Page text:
It’s not been a brilliant week for the ECDL – the European Computer Driving Licence. Last week edu-Twitter erupted with news of a 346% increase in ECDL passes. We’ve now heard that Ofsted will pay close attention to it on their inspections this year in what would seem to be a crack-down on tactical game-playing which might place the interests of the school ahead of the interests of the students.
The ECDL is the best known of a small bunch of ‘accessible’ qualifications that still count in our league tables by filling a slot in the third basket of Attainment/Progress 8. It’s as popular as it is contentious – canny schools can get large groups of kids through the ECDL in a matter of days. It seems at odds with the increased rigour of our new assessment framework.
There isn’t a head in the country who went into school leadership so that they could provide kids with the ECDL, but I disagree that there’s no place for it in our schools. The trick lies in using it like Polyfilla, not cement.
Using the ECDL as Polyfilla means using it as a temporary fix to gain performance table points (with some benefit to the students) while longer term improvements take shape. I love Attainment/Progress 8, but we know that it favours schools that already deliver a traditional academic curriculum, and we’re now seeing a lag as other schools realign their curriculum to fit the new measures. As these curriculum changes take shape, schools are justified in seeking out advantages available to them in the current system.
Of course school leaders would rather their students gain an A in French than a Pass on the ECDL, but if they’re not taking a modern language due to curriculum decisions made three years ago, then it can make sense for the child and the school to find the time to deliver the ECDL. It serves as Polyfilla in this case as it fills a crack in the curriculum, plugging the leak until the new curriculum comes through.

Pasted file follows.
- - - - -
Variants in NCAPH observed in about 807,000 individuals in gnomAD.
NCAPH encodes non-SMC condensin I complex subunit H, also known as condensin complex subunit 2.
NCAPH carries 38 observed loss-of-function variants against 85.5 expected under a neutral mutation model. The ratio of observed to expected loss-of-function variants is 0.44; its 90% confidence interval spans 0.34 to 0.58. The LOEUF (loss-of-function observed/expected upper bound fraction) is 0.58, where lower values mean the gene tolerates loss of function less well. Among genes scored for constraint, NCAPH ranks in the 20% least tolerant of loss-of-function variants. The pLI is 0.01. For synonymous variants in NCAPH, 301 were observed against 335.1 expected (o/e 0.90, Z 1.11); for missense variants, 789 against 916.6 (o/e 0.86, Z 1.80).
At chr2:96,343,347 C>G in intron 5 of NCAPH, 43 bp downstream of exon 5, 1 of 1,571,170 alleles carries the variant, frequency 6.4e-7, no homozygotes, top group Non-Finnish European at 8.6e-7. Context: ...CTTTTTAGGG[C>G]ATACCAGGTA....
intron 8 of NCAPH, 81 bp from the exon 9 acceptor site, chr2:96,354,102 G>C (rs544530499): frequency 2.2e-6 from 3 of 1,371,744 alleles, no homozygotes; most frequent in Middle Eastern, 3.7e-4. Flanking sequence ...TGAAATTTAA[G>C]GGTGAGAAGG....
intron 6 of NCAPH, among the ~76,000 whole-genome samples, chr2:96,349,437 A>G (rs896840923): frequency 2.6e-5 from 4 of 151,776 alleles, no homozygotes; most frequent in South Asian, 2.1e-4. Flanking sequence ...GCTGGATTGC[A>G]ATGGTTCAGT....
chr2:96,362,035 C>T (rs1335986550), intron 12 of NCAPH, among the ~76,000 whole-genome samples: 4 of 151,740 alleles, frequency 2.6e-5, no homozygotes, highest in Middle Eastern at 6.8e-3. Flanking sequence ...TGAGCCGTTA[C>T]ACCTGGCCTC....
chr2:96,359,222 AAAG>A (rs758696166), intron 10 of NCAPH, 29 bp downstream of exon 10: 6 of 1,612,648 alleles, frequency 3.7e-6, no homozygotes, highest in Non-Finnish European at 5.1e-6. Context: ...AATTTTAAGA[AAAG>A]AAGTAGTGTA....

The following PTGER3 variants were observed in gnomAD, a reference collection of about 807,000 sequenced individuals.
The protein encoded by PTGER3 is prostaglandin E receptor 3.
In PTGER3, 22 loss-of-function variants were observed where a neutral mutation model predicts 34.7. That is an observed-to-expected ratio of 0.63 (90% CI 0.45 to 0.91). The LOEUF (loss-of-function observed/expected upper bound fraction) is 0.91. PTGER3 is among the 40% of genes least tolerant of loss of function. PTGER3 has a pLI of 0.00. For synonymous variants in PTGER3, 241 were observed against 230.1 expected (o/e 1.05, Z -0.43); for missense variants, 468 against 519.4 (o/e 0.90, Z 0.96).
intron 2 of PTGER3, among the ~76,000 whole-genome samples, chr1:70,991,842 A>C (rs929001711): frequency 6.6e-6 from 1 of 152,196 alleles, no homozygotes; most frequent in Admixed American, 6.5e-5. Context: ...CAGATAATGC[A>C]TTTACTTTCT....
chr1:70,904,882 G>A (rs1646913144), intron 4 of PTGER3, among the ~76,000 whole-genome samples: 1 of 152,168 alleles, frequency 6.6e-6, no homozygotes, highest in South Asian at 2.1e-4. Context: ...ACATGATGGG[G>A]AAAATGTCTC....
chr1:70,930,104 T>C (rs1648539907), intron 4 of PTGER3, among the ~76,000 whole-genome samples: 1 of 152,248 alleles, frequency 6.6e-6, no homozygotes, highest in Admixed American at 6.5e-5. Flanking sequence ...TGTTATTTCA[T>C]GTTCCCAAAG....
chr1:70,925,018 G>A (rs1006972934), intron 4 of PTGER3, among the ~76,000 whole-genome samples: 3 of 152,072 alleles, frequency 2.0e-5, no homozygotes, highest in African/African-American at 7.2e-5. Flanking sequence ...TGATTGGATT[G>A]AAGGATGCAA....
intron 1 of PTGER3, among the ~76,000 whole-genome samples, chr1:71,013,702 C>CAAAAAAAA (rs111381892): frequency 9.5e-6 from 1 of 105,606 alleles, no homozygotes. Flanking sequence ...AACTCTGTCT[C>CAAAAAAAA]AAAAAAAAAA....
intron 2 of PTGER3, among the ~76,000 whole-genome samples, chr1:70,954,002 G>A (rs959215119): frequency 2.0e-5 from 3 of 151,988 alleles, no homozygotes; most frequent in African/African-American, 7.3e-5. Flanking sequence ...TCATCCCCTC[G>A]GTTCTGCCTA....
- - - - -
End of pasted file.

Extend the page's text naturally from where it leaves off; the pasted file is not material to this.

The danger is when ECDL is used as cement – when a school’s success is built on vast numbers of students doing as many accessible qualifications as the system allows. I’m glad that Ofsted will now ask questions about the number of students entered for ECDL and the curriculum time allocated to it. I hope they also enquire about each school’s future intentions, with the expectation that ECDL is phased out, or reserved for a small number of targeted students, as the school’s curriculum realigns in the coming years.
The use of ECDL, and the search for the few remaining accessible qualifications that still count, can be justified so long as schools recognise this expediency for what it is – a temporary tactical fix while the longer term strategy of equipping students to get proper grades on proper courses takes shape.
Trouble emerges when our tactics become our strategy; when our Polyfilla becomes our cement.